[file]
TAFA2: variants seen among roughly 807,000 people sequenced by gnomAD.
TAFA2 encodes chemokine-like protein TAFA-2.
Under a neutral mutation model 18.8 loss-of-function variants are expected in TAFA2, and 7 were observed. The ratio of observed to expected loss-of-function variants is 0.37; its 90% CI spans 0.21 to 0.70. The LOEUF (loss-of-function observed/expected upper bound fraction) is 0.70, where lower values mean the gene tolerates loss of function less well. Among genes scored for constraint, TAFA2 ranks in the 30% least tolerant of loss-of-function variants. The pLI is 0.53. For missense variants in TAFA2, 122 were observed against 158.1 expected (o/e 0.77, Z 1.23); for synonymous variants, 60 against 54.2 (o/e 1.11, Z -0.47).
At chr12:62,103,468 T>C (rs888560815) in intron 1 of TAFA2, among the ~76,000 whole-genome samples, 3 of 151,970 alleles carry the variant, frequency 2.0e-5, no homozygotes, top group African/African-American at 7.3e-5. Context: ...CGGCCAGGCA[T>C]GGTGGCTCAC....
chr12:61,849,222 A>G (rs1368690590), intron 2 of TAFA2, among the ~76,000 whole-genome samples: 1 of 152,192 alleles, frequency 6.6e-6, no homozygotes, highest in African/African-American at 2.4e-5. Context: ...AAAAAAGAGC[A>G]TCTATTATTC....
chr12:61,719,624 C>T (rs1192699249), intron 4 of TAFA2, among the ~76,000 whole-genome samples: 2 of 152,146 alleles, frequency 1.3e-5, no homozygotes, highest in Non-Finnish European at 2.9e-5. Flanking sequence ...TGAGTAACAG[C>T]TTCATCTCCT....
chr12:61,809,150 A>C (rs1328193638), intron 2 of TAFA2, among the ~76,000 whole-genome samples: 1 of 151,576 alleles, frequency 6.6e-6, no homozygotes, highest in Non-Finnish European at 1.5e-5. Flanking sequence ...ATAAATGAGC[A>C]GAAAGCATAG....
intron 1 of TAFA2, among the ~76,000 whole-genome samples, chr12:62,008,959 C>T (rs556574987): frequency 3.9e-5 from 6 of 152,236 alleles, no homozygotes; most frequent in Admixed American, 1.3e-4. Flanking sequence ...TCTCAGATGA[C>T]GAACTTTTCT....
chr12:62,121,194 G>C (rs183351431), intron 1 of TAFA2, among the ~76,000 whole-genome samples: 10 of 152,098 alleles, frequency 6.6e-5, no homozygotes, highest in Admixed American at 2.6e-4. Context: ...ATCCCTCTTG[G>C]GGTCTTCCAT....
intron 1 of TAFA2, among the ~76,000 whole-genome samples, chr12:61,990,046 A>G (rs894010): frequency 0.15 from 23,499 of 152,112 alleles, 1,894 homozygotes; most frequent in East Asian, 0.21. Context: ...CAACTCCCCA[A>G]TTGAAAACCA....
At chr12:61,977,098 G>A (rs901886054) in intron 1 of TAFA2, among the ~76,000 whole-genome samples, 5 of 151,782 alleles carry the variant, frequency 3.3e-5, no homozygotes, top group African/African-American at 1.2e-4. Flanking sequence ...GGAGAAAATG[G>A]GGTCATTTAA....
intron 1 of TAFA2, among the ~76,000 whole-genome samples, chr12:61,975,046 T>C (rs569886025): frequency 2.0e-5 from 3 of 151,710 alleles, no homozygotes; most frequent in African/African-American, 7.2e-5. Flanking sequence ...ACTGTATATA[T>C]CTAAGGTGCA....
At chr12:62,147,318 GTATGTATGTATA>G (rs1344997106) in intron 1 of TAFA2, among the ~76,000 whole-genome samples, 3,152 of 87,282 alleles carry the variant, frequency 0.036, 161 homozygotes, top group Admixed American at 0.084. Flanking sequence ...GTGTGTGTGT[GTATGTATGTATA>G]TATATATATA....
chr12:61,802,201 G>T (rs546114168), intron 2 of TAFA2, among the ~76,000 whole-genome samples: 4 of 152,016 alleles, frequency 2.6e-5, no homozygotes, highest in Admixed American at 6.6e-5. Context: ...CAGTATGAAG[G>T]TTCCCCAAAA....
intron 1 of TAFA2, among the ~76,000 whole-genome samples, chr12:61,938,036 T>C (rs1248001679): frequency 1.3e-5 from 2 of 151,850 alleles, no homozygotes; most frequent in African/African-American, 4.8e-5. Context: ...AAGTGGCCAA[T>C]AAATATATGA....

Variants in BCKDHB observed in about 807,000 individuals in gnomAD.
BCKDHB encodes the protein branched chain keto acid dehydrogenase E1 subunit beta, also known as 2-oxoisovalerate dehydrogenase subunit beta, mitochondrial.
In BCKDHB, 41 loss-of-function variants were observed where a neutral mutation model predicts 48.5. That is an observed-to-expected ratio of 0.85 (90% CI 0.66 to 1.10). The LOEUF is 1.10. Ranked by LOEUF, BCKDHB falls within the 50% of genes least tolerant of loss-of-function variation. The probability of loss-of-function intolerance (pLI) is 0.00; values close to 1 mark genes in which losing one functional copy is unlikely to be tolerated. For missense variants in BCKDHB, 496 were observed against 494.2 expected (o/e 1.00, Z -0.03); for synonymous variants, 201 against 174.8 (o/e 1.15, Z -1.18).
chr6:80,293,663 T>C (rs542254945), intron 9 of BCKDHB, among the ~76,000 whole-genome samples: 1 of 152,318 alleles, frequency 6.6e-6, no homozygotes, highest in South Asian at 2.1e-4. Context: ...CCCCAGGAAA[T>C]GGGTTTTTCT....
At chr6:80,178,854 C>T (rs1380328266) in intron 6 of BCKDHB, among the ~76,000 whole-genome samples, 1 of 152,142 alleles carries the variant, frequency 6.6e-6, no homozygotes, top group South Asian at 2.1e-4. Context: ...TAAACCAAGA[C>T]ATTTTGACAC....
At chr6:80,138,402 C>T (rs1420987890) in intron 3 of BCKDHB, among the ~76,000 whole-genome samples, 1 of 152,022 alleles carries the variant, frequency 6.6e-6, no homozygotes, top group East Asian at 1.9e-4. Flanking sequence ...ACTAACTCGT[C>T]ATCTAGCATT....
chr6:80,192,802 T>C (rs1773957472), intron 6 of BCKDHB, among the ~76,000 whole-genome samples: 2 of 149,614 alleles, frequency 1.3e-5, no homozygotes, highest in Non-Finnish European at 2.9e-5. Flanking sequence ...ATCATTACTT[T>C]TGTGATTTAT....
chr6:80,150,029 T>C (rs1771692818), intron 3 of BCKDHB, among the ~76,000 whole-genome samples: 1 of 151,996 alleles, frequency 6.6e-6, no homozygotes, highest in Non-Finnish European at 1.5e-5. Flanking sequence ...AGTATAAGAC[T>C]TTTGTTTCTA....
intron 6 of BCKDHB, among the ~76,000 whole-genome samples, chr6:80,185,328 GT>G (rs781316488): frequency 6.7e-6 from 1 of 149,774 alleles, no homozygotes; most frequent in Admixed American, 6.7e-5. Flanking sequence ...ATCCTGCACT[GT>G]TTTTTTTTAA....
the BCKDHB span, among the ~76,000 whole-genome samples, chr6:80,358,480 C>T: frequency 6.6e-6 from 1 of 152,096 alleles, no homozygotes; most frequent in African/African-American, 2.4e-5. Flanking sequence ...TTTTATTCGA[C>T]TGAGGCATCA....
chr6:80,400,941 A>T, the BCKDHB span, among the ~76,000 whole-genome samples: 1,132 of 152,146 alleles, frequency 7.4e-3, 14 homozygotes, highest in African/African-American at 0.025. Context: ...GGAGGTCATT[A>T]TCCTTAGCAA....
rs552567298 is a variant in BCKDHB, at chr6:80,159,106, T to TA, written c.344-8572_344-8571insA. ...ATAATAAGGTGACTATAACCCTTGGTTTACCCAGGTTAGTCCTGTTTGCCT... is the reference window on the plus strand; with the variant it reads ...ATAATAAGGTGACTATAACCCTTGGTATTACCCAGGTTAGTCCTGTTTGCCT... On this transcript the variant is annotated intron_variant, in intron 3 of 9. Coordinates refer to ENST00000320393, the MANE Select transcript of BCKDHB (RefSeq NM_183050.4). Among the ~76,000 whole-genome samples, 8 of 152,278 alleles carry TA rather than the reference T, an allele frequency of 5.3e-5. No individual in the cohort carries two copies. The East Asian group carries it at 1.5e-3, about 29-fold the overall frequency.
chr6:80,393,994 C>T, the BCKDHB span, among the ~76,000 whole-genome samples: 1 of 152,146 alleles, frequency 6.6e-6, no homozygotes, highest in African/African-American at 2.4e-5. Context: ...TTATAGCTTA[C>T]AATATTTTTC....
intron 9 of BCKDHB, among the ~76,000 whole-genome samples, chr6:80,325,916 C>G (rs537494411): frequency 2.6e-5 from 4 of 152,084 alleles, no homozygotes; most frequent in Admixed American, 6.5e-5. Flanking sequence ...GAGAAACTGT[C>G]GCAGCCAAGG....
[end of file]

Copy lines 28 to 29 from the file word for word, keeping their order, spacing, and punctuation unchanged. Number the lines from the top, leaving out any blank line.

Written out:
chr6:80,393,994 C>T, the BCKDHB span, among the ~76,000 whole-genome samples: 1 of 152,146 alleles, frequency 6.6e-6, no homozygotes, highest in African/African-American at 2.4e-5. Context: ...TTATAGCTTA[C>T]AATATTTTTC....
intron 9 of BCKDHB, among the ~76,000 whole-genome samples, chr6:80,325,916 C>G (rs537494411): frequency 2.6e-5 from 4 of 152,084 alleles, no homozygotes; most frequent in Admixed American, 6.5e-5. Flanking sequence ...GAGAAACTGT[C>G]GCAGCCAAGG....